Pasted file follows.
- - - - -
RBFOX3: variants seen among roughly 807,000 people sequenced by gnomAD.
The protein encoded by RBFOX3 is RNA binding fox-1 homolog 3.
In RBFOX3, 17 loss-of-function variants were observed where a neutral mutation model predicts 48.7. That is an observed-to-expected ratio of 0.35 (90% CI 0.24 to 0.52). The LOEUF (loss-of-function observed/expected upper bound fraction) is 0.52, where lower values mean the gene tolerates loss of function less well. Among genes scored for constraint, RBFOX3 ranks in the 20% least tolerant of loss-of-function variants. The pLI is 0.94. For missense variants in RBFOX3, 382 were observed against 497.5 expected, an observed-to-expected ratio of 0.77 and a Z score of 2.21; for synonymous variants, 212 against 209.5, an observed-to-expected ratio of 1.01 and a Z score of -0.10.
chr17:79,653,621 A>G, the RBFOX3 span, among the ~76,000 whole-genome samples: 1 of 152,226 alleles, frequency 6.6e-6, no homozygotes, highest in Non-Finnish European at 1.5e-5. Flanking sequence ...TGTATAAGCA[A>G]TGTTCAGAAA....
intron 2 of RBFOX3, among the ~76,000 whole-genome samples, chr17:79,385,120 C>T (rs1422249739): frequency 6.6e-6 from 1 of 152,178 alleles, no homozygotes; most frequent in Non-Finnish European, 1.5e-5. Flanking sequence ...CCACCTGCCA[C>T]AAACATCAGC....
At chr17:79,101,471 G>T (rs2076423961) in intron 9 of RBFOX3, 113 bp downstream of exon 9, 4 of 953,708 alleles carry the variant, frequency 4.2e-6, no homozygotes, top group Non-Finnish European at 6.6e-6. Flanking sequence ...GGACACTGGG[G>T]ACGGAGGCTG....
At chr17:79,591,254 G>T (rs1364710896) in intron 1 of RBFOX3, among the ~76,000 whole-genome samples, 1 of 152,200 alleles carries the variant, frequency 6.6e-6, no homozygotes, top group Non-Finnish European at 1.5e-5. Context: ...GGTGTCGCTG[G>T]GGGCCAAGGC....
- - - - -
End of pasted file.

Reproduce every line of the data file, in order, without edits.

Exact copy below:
RBFOX3: variants seen among roughly 807,000 people sequenced by gnomAD.
The protein encoded by RBFOX3 is RNA binding fox-1 homolog 3.
In RBFOX3, 17 loss-of-function variants were observed where a neutral mutation model predicts 48.7. That is an observed-to-expected ratio of 0.35 (90% CI 0.24 to 0.52). The LOEUF (loss-of-function observed/expected upper bound fraction) is 0.52, where lower values mean the gene tolerates loss of function less well. Among genes scored for constraint, RBFOX3 ranks in the 20% least tolerant of loss-of-function variants. The pLI is 0.94. For missense variants in RBFOX3, 382 were observed against 497.5 expected, an observed-to-expected ratio of 0.77 and a Z score of 2.21; for synonymous variants, 212 against 209.5, an observed-to-expected ratio of 1.01 and a Z score of -0.10.
chr17:79,653,621 A>G, the RBFOX3 span, among the ~76,000 whole-genome samples: 1 of 152,226 alleles, frequency 6.6e-6, no homozygotes, highest in Non-Finnish European at 1.5e-5. Flanking sequence ...TGTATAAGCA[A>G]TGTTCAGAAA....
intron 2 of RBFOX3, among the ~76,000 whole-genome samples, chr17:79,385,120 C>T (rs1422249739): frequency 6.6e-6 from 1 of 152,178 alleles, no homozygotes; most frequent in Non-Finnish European, 1.5e-5. Flanking sequence ...CCACCTGCCA[C>T]AAACATCAGC....
At chr17:79,101,471 G>T (rs2076423961) in intron 9 of RBFOX3, 113 bp downstream of exon 9, 4 of 953,708 alleles carry the variant, frequency 4.2e-6, no homozygotes, top group Non-Finnish European at 6.6e-6. Flanking sequence ...GGACACTGGG[G>T]ACGGAGGCTG....
At chr17:79,591,254 G>T (rs1364710896) in intron 1 of RBFOX3, among the ~76,000 whole-genome samples, 1 of 152,200 alleles carries the variant, frequency 6.6e-6, no homozygotes, top group Non-Finnish European at 1.5e-5. Context: ...GGTGTCGCTG[G>T]GGGCCAAGGC....